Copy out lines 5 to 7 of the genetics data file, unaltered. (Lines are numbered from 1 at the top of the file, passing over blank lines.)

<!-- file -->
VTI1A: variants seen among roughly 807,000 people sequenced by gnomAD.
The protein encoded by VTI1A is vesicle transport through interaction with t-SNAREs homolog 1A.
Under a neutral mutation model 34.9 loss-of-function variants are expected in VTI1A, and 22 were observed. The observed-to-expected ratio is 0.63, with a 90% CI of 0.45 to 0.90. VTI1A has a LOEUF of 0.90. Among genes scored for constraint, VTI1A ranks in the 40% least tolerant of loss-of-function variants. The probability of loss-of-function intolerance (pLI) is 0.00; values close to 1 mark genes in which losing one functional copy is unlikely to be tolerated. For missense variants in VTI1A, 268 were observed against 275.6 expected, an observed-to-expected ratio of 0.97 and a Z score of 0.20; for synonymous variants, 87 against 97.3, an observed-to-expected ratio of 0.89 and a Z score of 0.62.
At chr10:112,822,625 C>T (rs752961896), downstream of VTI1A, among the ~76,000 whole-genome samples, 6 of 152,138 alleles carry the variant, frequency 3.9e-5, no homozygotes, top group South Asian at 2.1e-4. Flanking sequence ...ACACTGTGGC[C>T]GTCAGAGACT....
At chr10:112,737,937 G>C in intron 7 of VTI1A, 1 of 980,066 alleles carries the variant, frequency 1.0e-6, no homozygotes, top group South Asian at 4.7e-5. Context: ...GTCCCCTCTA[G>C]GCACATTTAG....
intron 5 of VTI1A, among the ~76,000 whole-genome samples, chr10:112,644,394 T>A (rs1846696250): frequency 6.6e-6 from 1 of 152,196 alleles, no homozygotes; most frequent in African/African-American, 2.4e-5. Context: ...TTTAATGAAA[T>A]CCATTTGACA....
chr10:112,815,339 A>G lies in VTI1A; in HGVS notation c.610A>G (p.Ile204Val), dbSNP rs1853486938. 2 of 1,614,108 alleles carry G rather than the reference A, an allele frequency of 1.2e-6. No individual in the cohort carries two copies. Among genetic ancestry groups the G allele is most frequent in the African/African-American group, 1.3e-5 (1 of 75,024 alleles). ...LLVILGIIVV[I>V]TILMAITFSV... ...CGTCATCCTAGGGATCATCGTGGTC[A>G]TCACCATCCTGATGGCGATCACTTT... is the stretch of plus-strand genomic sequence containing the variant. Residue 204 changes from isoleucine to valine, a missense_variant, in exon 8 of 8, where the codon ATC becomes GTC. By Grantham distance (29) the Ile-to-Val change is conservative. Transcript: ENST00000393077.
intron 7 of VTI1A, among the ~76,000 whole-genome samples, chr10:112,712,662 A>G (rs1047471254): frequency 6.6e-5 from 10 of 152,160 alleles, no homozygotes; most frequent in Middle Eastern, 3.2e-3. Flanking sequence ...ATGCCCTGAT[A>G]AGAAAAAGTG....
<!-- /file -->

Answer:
At chr10:112,737,937 G>C in intron 7 of VTI1A, 1 of 980,066 alleles carries the variant, frequency 1.0e-6, no homozygotes, top group South Asian at 4.7e-5. Context: ...GTCCCCTCTA[G>C]GCACATTTAG....
intron 5 of VTI1A, among the ~76,000 whole-genome samples, chr10:112,644,394 T>A (rs1846696250): frequency 6.6e-6 from 1 of 152,196 alleles, no homozygotes; most frequent in African/African-American, 2.4e-5. Context: ...TTTAATGAAA[T>A]CCATTTGACA....
chr10:112,815,339 A>G lies in VTI1A; in HGVS notation c.610A>G (p.Ile204Val), dbSNP rs1853486938. 2 of 1,614,108 alleles carry G rather than the reference A, an allele frequency of 1.2e-6. No individual in the cohort carries two copies. Among genetic ancestry groups the G allele is most frequent in the African/African-American group, 1.3e-5 (1 of 75,024 alleles). ...LLVILGIIVV[I>V]TILMAITFSV... ...CGTCATCCTAGGGATCATCGTGGTC[A>G]TCACCATCCTGATGGCGATCACTTT... is the stretch of plus-strand genomic sequence containing the variant. Residue 204 changes from isoleucine to valine, a missense_variant, in exon 8 of 8, where the codon ATC becomes GTC. By Grantham distance (29) the Ile-to-Val change is conservative. Transcript: ENST00000393077.